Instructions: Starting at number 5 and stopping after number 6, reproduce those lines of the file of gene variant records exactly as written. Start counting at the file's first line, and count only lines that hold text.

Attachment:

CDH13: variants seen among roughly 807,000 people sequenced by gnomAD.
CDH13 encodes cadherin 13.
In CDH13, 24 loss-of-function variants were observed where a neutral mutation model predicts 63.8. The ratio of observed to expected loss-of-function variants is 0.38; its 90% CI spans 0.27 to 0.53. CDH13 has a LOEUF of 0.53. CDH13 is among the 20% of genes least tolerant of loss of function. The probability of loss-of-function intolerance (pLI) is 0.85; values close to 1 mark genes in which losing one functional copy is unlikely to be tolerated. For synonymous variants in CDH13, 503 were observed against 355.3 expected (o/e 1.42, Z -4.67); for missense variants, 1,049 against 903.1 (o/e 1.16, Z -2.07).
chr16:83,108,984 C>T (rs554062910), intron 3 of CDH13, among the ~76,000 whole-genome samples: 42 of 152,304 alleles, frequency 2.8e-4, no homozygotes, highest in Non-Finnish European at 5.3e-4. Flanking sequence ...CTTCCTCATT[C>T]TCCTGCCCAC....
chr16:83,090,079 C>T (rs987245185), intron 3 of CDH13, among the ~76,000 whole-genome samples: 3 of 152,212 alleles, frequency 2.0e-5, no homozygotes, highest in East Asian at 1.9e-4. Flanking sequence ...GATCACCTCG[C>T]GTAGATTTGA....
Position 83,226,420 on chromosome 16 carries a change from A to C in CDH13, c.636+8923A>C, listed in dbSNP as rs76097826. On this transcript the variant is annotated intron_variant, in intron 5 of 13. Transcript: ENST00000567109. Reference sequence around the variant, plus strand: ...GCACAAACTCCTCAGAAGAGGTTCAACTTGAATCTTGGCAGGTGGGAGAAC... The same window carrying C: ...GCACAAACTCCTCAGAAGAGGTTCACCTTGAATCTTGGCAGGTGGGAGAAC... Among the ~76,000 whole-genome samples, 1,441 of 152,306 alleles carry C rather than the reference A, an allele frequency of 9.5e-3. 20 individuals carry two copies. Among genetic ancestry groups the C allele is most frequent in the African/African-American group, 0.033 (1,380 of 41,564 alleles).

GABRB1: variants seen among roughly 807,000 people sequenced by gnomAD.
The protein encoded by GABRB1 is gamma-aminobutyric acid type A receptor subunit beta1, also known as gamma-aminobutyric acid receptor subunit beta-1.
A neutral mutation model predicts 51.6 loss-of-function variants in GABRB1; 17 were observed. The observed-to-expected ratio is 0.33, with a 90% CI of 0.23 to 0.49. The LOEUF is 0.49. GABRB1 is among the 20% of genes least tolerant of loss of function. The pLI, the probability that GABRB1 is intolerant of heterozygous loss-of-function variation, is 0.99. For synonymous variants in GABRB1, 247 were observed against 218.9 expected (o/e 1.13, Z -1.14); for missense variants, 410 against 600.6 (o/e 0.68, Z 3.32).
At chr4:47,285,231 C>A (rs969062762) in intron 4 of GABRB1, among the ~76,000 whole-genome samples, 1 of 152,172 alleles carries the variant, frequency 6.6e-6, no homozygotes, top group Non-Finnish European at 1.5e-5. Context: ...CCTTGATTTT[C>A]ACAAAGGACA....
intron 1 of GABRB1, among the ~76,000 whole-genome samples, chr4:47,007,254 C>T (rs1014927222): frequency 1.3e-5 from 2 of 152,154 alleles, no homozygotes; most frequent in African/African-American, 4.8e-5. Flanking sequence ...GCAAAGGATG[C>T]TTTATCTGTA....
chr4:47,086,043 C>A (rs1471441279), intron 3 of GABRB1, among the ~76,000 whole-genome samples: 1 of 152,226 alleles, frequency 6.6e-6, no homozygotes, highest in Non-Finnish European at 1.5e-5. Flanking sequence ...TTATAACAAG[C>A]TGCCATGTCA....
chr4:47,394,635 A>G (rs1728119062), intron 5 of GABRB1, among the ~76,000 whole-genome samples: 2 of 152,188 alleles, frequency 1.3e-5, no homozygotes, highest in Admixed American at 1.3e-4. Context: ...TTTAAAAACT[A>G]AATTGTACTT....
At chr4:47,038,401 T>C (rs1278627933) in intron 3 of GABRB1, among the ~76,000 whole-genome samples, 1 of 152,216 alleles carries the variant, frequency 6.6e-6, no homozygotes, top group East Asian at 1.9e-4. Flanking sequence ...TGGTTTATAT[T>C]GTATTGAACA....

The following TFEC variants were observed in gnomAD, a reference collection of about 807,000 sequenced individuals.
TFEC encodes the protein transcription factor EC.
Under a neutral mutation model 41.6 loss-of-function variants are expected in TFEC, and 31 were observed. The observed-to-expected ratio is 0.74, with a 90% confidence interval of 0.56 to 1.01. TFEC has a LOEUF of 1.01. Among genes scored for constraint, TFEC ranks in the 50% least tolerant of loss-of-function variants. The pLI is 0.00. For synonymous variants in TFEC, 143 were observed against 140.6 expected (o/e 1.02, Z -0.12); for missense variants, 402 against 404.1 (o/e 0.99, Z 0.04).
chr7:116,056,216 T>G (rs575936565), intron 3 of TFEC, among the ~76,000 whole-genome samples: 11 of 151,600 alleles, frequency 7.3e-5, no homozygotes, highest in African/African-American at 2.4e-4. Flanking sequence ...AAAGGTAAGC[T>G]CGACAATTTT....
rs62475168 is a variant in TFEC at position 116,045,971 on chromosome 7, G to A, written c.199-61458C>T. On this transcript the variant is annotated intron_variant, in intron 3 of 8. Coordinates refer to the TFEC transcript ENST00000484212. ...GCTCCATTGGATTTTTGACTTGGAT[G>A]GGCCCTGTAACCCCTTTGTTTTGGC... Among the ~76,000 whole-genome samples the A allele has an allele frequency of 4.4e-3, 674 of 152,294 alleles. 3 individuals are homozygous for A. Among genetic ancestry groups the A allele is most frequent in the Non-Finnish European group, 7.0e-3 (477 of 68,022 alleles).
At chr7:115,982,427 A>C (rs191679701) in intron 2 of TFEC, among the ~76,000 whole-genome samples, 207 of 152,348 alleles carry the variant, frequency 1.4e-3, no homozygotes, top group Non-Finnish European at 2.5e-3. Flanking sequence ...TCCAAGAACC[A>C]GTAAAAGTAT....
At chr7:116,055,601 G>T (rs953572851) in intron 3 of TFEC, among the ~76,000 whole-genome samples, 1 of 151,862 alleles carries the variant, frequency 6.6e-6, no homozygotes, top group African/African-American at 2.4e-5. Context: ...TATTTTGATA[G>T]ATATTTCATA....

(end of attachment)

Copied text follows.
chr16:83,090,079 C>T (rs987245185), intron 3 of CDH13, among the ~76,000 whole-genome samples: 3 of 152,212 alleles, frequency 2.0e-5, no homozygotes, highest in East Asian at 1.9e-4. Flanking sequence ...GATCACCTCG[C>T]GTAGATTTGA....
Position 83,226,420 on chromosome 16 carries a change from A to C in CDH13, c.636+8923A>C, listed in dbSNP as rs76097826. On this transcript the variant is annotated intron_variant, in intron 5 of 13. Transcript: ENST00000567109. Reference sequence around the variant, plus strand: ...GCACAAACTCCTCAGAAGAGGTTCAACTTGAATCTTGGCAGGTGGGAGAAC... The same window carrying C: ...GCACAAACTCCTCAGAAGAGGTTCACCTTGAATCTTGGCAGGTGGGAGAAC... Among the ~76,000 whole-genome samples, 1,441 of 152,306 alleles carry C rather than the reference A, an allele frequency of 9.5e-3. 20 individuals carry two copies. Among genetic ancestry groups the C allele is most frequent in the African/African-American group, 0.033 (1,380 of 41,564 alleles).